Wednesday, June 1, 2016

"Person of Interest"

If you're like me, you've watched Person of Interest over the last five seasons having embraced the experience and are saddened to see it come to an end ... yet anxious to see how it all turns out before it Fades to Black. "Person of Interest" hinges on government conspiracies and corruption mirroring the simulation of our reality. There's surveillance of citizens, murder and mayhem as A.I.s run the world (simulation/hologram). Man versus machine - who determines the final outcome? The answer is the creators.

If you did not see Tuesday's night's episode of "Person of Interest" but plan to watch it later ... don't read any further. For other readers ...

"The Day the World Went Away" was the show's 100th episode - and one of its most galvanizing. From the start, we see Harold, the Machine's creator (Michael Emerson), and Root, the Machine's analog interface (Amy Acker), struggling with their philosophies and the future of the Machine or A.I. I actually went back to their intriguing dialogue at the beginning of the episode after watching the end. For me, it's one of those episodes that I save and will watch over and over.

This was an adrenaline filled hour and a program game changer. Best of all was the stellar performance by Michael Emerson as he speaks to Samaritan (A.I.) at the end. He's been lost over the past year believing himself to be a man of principles now facing the consequences of his actions. Harold and his machine are about to go on the offensive, as he gives her the freedom to make her own decisions. The death of Harold's friends becomes the catalyst for his transition into what remains for the final three episodes. Killed last night were Elias - yes, we can love a Mafia boss from Brooklyn - and Root, who "ascends" becoming the voice of Harold's machine and her namesake.

My favorite scene (33 minutes into the show) - was Root explaining to Harold that we are all part of a simulation. In a chase scene with the bad guys, Root turns to Harold and says, "The real world is essentially a simulation. Even if we're not real, we represent a dynamic - a tiny finger tracing a line in the infinite ..."

  Watch the episode on CBS

Trans-European Rail Networks

I find traveling though Europe by train far more inviting than the rail systems in the US. Along the way I met other passengers who spend their vacations traveling through Europe by train then circling back to their home city. Great way to go.

In the news today

Switzerland Gotthard: World's longest and deepest rail tunnel opens   BBC - June 1, 2016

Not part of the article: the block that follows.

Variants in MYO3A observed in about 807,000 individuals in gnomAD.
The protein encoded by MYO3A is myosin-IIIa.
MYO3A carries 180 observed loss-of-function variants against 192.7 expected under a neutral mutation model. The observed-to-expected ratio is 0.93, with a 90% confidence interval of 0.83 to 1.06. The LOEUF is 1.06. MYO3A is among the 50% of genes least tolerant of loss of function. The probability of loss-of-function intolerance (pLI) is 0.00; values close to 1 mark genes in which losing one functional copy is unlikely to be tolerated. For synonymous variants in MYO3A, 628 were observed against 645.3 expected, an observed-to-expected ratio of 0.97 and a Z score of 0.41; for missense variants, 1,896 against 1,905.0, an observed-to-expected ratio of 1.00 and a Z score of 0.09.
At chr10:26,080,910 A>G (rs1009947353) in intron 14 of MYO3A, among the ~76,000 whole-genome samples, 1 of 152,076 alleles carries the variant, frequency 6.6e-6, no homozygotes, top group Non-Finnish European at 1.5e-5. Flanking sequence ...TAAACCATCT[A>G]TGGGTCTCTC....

The world's longest and deepest rail tunnel has officially opened in Switzerland, after almost two decades of construction work. The 57km (35-mile) twin-bore Gotthard base tunnel will provide a high-speed rail link under the Swiss Alps between northern and southern Europe. Switzerland says it will revolutionize European freight transport. Goods currently carried on the route by a million lorries a year will go by train instead. The tunnel has overtaken Japan's 53.9km Seikan rail tunnel as the longest in the world and pushed the 50.5km Channel Tunnel linking the UK and France into third place.

France industrial unrest: Open-ended strike brings rail misery   BBC - June 1, 2016
An open-ended rail strike is under way in France just nine days before the country hosts the Euro 2016 football tournament. Only 60% of high-speed trains and between a third and a half of other services are expected to run, according to the state rail company (the SNCF)

More about Europe's Rail System then and now...

The Orient Express was the name of a long-distance passenger train service created in 1883 by Compagnie Internationale des Wagons-Lits (CIWL). The route and rolling stock of the Orient Express changed many times. Several routes in the past concurrently used the Orient Express name, or slight variants thereof. Although the original Orient Express was simply a normal international railway service, the name has become synonymous with intrigue and luxury travel. The two city names most prominently associated with the Orient Express are Paris and Constantinople (Istanbul), the original endpoints of the timetabled service.

The Trans-European Rail network is made up of the Trans-European high-speed rail network as well as the Trans-European conventional rail network. The rail network is one of a number of the European Union's Trans-European transport networks (TEN-T).